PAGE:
Through the years, as dairy animals have made their way through beef marketing and harvest channels, they have at times received negative critiques or price discounts. This has been due in part to the fact that the dairy animals do not match up to the beef animals in terms of beef production and quality. Some areas that could be improved on dairy animals through crossbreeding include growth rates, feed conversion, conformation, carcass size and muscle shape.

Index comparisons

A concern that arose from the dairy side when considering the use of beef bulls was calving ease. As these issues were identified, traits and their associated economic weighting factors were chosen to be included in the indexes. These inclusions allow potential improvements to be made in the areas noted as Angus sires are used on dairy females. Traits used in the $AxH index include calving ease, growth, feed intake, dressing percent, yield grade, quality grade, muscling and height. The $AxJ index includes the same traits except for height.

The $AxH index is expressed in dollars per head and predicts the average difference in value of a sire’s crossbred (Angus X Holstein) progeny compared to the value of another sire’s crossbred (Angus X Holstein) progeny. Larger index values indicate greater value of a sire’s progeny.

An example of how $AxH indexes are used and interpreted follows: In a comparison of two Angus bulls being considered for use on Holstein cows, it is noted that Bull 1 has a $AxH index value of +128 and Bull 2 has a $AxH index value of +98. This suggests that the progeny produced from a mating of Bull 1 with Holstein cows would have $30-per-head greater value than progeny produced from a mating of Bull 2 with Holstein cows.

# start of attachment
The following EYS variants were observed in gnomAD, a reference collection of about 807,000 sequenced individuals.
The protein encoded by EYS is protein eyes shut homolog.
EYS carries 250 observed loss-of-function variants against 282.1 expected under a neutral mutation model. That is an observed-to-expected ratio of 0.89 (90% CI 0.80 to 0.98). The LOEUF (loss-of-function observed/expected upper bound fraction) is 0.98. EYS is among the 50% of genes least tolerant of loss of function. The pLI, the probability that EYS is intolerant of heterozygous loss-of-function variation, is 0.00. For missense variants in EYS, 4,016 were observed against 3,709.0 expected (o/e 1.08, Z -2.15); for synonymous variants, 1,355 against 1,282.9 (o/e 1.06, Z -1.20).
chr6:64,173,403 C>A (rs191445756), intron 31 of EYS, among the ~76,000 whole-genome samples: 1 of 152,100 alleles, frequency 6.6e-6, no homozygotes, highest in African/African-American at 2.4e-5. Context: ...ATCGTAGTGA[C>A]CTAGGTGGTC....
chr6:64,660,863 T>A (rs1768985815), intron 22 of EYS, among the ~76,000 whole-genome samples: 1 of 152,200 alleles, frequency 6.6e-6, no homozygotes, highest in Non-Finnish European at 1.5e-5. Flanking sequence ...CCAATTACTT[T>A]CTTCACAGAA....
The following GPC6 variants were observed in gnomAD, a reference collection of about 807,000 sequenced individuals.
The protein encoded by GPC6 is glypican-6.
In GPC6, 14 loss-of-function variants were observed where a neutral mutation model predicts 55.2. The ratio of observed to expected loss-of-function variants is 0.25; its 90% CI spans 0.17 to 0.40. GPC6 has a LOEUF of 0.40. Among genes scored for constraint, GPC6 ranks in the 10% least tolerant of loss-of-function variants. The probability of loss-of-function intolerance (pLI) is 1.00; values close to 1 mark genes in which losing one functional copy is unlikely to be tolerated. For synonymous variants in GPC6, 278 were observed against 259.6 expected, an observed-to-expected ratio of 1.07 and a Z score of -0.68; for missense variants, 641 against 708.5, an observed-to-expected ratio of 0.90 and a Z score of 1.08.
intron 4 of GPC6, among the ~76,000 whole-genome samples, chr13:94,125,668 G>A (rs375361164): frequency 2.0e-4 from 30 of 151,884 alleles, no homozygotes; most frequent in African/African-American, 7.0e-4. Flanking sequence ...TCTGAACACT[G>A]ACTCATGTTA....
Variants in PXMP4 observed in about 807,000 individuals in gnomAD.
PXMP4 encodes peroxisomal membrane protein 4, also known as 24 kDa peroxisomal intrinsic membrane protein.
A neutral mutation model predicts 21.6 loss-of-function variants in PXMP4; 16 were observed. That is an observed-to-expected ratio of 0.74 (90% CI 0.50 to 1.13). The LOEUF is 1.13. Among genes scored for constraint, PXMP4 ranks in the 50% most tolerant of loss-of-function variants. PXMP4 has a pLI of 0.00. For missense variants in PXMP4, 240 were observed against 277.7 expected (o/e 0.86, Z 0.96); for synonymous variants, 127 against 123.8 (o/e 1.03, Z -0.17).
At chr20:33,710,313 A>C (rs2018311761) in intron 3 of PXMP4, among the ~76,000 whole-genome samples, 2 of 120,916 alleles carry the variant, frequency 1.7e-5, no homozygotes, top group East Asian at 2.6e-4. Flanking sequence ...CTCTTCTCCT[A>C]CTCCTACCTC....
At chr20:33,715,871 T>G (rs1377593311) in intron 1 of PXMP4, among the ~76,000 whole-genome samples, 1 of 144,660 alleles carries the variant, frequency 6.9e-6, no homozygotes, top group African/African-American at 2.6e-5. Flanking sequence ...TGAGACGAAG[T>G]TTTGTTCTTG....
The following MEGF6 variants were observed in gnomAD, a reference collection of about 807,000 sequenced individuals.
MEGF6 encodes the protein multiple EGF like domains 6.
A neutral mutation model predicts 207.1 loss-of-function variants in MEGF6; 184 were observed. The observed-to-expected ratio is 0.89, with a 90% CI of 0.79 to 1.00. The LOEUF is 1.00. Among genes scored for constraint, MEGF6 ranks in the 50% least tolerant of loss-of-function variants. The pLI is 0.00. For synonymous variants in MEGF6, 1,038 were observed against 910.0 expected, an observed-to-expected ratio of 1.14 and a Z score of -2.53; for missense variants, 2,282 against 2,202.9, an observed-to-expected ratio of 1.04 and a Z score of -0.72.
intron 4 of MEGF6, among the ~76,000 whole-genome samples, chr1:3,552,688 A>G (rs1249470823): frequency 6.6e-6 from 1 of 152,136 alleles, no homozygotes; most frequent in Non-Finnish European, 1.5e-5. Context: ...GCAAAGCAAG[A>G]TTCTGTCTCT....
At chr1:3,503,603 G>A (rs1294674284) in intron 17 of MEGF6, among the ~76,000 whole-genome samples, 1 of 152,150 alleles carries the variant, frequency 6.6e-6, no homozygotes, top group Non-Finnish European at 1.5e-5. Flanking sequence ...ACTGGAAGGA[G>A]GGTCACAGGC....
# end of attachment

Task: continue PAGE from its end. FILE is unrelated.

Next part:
The $AxJ index is expressed in dollars per head and predicts the average difference in value of a sire’s crossbred (Angus x Jersey) progeny compared to the value of another sire’s crossbred (Angus x Jersey) progeny. Larger index values indicate greater value of a sire’s progeny. An example of how $AxJ indexes are used and interpreted follows: In a comparison of two Angus bulls being considered for use on Jersey cows, it is noted that Bull 3 has a $AxJ index value of -14 and Bull 4 has a $AxJ index value of +34. This suggests that the progeny produced from a mating of Bull 4 with Jersey cows would have $48-per-head greater value than progeny produced from a mating of Bull 3 with Jersey cows.

These new selection indexes give producers an opportunity to select Angus bulls for use on Holstein or Jersey cows. The indexes offer options for producers to select Angus sires with the genetic potential in the index traits that will complement the genetics of dairy cows. In other words, producers have a means to select beef sires that will enhance some of the inferior beef production and quality characteristics in dairy cows and produce progeny that have the potential to improve an operation’s bottom line. end mark

J. Benton Glaze Jr.
  • J. Benton Glaze Jr.

  • Extension Beef Cattle Specialist
  • Animal, Veterinary and Food Science
  • University of Idaho
  • Email J. Benton Glaze Jr.